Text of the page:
CBC News
November 19, 2020

Const. Heidi Stevenson, the RCMP officer murdered in the Nova Scotia mass shooting, has posthumously received an award for her work in preventing impaired driving.

The Terry Ryan Memorial Award for Excellence in Police Service was awarded to Stevenson’s family Friday night.

Andrew Murie, CEO of MADD Canada, said Stevenson had a long record of preventing impaired driving. She was a drug recognition expert and did training in her community on drugs and driving.

“She was a leader to her peers, she was a leader in the community … and unfortunately, Heidi did the ultimate sacrifice,” said Murie.

“Just like her approach to impaired driving, she pitched in that evening to try to stop that gunman, and ultimately gave the sacrifice of her own life.”

Stevenson, a member of the RCMP’s detachment in Cole Harbour, N.S., was killed while on duty during the mass shooting in April, which left 22 victims dead.

Anissa MacLeod, MADD Canada’s Atlantic director, said the organization “didn’t think twice” about recognizing Stevenson’s efforts to keep impaired drivers off the road.

“She was well-known and respected amongst the drug recognition experts, she testified in court, she was very community-oriented and certainly fought against impaired driving throughout her career,” she said.

“So it was important for us to recognize that dedication and that commitment to stop impaired driving.”

MADD Canada estimates that four people are killed and more than 170 are injured each day by an impaired driver.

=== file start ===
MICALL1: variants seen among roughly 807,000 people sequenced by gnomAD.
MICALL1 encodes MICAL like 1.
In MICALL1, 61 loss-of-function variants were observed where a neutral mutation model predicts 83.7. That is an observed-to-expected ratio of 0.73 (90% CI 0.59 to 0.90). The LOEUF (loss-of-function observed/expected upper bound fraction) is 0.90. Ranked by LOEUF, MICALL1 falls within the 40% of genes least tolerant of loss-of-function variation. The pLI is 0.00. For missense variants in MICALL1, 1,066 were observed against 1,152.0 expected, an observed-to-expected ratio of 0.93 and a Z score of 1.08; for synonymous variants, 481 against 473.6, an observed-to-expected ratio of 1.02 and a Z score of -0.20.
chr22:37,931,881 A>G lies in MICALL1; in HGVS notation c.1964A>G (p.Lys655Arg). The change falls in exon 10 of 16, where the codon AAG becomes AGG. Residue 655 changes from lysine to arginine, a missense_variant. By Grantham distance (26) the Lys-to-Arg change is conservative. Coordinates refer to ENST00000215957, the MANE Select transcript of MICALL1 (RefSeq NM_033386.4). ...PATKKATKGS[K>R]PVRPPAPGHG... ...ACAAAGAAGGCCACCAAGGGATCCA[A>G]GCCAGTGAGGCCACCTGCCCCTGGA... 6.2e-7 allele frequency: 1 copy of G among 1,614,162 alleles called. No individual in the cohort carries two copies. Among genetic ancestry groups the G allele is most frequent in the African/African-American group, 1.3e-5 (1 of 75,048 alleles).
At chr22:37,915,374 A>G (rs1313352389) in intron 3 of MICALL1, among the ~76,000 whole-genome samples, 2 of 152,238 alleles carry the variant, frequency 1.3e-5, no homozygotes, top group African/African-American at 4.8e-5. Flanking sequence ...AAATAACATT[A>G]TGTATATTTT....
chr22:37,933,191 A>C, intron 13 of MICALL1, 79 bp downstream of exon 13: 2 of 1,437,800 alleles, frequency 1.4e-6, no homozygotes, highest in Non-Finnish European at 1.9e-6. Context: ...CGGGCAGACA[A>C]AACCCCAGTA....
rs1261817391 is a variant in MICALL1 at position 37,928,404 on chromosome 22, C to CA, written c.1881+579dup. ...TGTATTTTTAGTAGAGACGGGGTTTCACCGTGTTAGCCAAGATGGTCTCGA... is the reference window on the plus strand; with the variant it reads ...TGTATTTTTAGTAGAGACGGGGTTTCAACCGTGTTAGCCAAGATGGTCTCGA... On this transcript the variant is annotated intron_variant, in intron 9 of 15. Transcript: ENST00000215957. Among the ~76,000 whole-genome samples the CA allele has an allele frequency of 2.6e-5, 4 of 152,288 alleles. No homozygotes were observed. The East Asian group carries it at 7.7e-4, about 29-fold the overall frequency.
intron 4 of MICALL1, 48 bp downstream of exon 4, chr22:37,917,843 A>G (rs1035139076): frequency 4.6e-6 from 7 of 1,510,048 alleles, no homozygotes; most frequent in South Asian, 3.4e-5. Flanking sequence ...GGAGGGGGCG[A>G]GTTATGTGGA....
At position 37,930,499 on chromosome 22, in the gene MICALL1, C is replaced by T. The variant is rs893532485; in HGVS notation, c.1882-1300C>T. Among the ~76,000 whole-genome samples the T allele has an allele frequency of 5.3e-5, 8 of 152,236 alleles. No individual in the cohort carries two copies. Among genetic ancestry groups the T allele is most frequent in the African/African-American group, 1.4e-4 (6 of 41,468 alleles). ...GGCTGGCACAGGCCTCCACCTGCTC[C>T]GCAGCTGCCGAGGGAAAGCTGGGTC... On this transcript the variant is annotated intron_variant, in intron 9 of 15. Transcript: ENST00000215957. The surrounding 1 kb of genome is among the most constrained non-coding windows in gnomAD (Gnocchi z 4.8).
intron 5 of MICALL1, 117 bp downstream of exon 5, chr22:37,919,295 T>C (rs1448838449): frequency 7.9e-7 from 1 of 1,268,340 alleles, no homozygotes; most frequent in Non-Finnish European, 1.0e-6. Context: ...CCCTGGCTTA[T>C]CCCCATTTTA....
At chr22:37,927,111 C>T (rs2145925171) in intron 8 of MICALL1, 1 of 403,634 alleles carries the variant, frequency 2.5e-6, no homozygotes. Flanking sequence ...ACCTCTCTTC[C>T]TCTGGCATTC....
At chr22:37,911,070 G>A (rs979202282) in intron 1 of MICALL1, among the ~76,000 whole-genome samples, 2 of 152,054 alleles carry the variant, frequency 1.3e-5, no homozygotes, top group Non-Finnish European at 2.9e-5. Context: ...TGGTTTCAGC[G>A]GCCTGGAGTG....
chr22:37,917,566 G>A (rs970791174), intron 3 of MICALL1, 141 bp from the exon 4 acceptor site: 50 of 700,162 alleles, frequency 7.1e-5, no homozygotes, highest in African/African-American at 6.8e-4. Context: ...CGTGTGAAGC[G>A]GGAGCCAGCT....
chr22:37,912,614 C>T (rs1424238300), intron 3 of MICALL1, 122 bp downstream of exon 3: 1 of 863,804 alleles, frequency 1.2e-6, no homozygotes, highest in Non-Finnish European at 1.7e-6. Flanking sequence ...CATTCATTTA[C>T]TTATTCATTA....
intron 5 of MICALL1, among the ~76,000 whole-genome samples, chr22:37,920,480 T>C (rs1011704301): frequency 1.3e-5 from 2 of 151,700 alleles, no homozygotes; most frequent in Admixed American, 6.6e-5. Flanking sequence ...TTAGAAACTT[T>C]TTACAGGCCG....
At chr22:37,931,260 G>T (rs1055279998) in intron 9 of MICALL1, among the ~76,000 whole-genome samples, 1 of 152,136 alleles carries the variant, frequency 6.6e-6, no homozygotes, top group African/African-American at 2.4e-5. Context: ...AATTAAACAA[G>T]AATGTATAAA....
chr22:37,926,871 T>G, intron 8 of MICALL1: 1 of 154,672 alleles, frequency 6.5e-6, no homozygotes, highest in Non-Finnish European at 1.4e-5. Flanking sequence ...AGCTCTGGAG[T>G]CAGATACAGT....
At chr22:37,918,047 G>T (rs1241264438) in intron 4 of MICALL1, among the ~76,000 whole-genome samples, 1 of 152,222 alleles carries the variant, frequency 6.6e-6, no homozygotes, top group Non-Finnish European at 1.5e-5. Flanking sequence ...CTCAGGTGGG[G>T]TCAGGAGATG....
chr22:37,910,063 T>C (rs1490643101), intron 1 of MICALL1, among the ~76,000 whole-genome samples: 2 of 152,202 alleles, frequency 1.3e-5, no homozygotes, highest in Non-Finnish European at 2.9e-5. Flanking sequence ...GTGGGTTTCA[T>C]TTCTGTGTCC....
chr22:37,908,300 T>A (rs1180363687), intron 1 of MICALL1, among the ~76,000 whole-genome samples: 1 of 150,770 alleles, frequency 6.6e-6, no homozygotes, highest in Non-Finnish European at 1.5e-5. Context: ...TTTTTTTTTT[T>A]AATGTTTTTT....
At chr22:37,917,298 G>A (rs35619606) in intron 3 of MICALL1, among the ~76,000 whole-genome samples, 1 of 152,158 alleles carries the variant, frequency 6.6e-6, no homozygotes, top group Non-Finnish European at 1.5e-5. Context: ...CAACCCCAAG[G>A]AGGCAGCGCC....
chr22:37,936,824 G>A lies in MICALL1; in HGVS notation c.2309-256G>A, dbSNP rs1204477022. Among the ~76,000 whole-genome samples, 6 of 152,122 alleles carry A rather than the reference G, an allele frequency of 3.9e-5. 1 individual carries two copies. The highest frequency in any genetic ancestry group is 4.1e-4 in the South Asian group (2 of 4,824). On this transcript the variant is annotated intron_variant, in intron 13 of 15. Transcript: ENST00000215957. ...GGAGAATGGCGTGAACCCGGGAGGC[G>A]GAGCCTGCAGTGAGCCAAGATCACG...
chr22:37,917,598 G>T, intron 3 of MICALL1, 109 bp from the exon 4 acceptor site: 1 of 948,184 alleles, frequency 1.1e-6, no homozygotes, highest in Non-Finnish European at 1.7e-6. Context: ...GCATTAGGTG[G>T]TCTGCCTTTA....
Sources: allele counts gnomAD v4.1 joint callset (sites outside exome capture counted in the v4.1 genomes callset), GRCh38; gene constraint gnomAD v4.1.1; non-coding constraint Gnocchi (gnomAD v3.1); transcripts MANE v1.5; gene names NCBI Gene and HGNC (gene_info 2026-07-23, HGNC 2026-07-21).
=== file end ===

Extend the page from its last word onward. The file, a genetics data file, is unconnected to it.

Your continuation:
Anissa’s husband, John MacLeod, a Halifax Regional Police constable and president of MADD Canada’s Halifax chapter, said he worked alongside Stevenson many times over the years teaching about the dangers of impaired driving.

“Heidi had that focus on impaired driving, she recognized the dangers that it presents to our communities,” he said.

“Not only did she advance her own skills and abilities in detecting those impaired drivers, but most importantly [she] shared that with other police officers so that they could go forward and do that as well.”

The MacLeods presented Stevenson’s family with the award, which is named after an Ontario police officer who was killed by an impaired driver in 2002.

“We were just honoured to do this for the family,” said John.

“[It was] important to let them know … what their mom did that was very special, and what she did in the community to keep us all safe.”

In a statement, RCMP spokesperson Cpl. Lisa Croteau said: “We are proud of Heidi and honoured that she was chosen as recipient of this award.”

MADD launches red ribbon campaign

On Wednesday, the MacLeods, along with MADD volunteers, were at the Macdonald Bridge in Dartmouth, N.S., to hand out ribbons as part of the organization’s Project Red Ribbon campaign.

The annual campaign promotes the importance of sober driving during the holiday season.

Anissa said people were receptive to the campaign, both on Wednesday morning and in previous years.

“Most of the volunteers today have lost a loved one to impaired driving,” she said. “So they’re here, giving their time, paying tribute to their loved one and reminding people of the dangers of impaired driving.”

John couldn’t recall if Stevenson had participated at the event at the Macdonald Bridge last year, but said “there’s no doubt in my mind” that she would have taken part at some point.